The dream of the snail may also explain Kurtz’s compulsion for the beheadings beyond the anecdotes he will give Willard later about that delightful baby arms incident and his mostly memorable epiphany about horror and moral terror, both good for a modest chuckle from yours truly. While one may survive having their arm chopped off, decapitation is the clear zero-sum gain of them all that Kurtz envisions regarding the impossibility of the snail traveling the razor’s edge. Perhaps Kurtz continues his beheading spree waiting for the one who will survive his gesture— in this case, Willard, whom he shares an affinity with that is rooted in their native Ohioan territory. To be sure, Willard is never threatened with decapitation despite the sacrifice of Chef plunked into his lap just to remind him of certain realities of his present situation, but the physical and psychological torture meant to re-create Kurtz’s own decapitation (of sorts) when he understands his own futility and the U.S. military’s in Vietnam. Kurtz conducts this gesture under the premise that Willard has already begun it by expectation of his line of work, as Dreyfus succinctly noted in the opening when Willard cuts his hand shattering a mirror and his slow recognition of what he has done to himself. Willard, however, will not complete Kurtz’s gesture without help. Does Kurtz do so thinking that Willard will take his place at the radio and continue the diatribes. He looks somewhat surprised at that moment of his command being officially terminated, turning from the radio to find Willard there, then acquiescing to Willard’s brutal hacking away at the darkness where he assumes Kurtz’s body is. Not once does the audience hear Willard again after the final voice-over about his intentions. He never calls in the airstrike to Almighty. Thus the snail returns home to civilization on the Nung River, cut in two lengthwise: the bloodied warrior Willard carrying Kurtz’s word-body, and his dazed newborn Lance. Cue the rarest tear from Dreyfus’ left eye.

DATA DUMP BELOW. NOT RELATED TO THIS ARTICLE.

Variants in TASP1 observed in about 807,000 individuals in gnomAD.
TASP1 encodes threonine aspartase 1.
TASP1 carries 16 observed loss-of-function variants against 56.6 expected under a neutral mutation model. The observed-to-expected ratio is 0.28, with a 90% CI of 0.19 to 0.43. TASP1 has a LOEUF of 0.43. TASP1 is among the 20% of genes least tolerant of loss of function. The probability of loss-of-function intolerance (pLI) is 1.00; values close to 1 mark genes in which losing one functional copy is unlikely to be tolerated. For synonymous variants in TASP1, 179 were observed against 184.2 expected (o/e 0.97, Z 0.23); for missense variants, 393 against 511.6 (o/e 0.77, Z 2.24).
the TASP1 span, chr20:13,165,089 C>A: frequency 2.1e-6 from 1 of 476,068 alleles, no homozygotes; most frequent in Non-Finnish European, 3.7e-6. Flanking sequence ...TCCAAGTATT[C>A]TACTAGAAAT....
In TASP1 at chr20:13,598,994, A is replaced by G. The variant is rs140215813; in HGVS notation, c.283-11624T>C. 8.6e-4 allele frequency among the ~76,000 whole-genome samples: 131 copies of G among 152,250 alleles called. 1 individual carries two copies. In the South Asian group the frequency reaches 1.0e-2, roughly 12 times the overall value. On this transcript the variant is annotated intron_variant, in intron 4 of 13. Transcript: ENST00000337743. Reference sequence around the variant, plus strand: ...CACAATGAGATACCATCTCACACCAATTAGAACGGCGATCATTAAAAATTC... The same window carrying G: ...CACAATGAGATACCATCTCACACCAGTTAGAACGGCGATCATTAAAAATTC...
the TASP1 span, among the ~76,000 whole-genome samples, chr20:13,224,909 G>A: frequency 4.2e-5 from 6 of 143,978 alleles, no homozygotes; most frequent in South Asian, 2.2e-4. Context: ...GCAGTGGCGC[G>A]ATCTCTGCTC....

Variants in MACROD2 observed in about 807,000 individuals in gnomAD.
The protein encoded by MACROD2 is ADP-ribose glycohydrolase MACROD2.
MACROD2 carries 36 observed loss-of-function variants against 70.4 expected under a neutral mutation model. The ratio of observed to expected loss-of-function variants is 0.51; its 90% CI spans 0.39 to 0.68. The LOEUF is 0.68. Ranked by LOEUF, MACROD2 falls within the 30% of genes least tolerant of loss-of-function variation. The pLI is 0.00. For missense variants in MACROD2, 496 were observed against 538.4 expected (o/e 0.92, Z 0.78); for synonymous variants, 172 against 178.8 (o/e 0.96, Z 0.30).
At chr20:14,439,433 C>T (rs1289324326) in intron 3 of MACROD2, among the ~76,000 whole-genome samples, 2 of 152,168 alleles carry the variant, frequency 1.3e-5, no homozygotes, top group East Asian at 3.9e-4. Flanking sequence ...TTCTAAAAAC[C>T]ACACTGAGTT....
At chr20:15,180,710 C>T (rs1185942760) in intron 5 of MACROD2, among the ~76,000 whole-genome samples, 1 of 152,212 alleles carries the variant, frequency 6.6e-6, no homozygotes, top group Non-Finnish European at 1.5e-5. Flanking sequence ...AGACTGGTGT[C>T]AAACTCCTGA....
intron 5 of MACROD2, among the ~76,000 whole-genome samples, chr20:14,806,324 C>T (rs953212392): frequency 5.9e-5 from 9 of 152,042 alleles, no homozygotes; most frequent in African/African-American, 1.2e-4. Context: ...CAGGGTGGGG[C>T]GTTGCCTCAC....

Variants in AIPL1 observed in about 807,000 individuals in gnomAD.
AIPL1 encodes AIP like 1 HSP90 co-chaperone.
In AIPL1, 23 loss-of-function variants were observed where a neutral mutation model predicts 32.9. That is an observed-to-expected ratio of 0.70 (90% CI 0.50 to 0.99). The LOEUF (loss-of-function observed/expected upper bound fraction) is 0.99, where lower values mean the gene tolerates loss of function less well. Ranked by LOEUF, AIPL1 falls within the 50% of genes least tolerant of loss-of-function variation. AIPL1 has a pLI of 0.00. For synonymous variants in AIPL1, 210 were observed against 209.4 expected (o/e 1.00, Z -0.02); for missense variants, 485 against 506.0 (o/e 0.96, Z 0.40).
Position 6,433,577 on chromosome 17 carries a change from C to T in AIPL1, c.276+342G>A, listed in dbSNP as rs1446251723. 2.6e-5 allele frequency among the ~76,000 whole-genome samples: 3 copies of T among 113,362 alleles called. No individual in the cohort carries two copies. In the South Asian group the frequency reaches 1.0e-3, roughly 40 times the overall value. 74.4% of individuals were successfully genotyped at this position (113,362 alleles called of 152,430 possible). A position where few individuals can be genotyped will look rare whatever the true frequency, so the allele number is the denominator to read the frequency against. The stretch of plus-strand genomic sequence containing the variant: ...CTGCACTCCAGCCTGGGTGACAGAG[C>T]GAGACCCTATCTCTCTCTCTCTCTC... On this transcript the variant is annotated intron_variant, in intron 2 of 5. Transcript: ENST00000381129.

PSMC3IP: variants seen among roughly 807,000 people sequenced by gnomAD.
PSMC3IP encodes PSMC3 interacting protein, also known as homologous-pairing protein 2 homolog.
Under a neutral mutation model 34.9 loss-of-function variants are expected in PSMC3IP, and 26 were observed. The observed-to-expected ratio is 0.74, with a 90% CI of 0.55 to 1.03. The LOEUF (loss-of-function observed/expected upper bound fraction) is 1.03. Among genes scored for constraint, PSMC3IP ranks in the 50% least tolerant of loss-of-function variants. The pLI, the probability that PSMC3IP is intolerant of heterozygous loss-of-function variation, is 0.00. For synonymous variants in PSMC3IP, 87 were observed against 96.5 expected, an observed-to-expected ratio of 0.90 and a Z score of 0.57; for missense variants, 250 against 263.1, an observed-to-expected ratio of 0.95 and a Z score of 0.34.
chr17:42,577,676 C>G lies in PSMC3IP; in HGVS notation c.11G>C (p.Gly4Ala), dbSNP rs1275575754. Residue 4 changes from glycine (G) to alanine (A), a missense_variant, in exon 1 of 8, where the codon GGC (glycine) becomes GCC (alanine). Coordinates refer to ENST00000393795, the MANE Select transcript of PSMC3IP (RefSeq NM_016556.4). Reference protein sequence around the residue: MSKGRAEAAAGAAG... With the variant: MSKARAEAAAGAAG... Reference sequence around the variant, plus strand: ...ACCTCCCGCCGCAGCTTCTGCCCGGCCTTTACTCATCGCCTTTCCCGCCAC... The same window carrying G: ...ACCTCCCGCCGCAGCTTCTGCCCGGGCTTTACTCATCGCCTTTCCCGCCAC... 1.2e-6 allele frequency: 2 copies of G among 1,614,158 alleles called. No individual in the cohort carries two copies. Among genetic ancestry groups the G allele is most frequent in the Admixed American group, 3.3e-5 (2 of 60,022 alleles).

Reservoir Dogs (Quentin Tarantino, 1992). Mr. Blonde never shows the razor until he does. He never alludes to it, threatens anyone with it, and then it’s out. No reservations with the gun. But he keeps the razor his little secret, perched on high from a stack of crates no one sees him climb.
Newandyke’s tough luck, then. Same for Nash’s, but different reasons: “Stuck in the Middle with You” is K-Billy’s choice background tune as though establishing his ethereal bearing to rampant violent crime in Los Angeles through the radio, thereby sealing his de facto role as accomplice, whether inspirational or otherwise. If not for that, the warehouse is quiet, save Mr. Blonde’s banter. Newandyke slowly leaking out, remaining Mr. Orange in the mind of the other gangsters, only so important. Nash sweating. Trying to barter for time. Mr. Blonde has a taste for making these deals. There is always enough of it. No clock exists in his head. He does a little dance with the razor to make his point.
Really, this movie keeps persisting its various pointless conversations. With severed ear, as Mr. Blonde shows after he is finished, he cannot help talking himself under. So many ears to talk to under better circumstances. Mr. Blonde has waited for this one, out of them all, to work the razor, and have his conversation with Nash, one policeman out of many, not much to offer in the way of anything other than his pain masked in duct tape.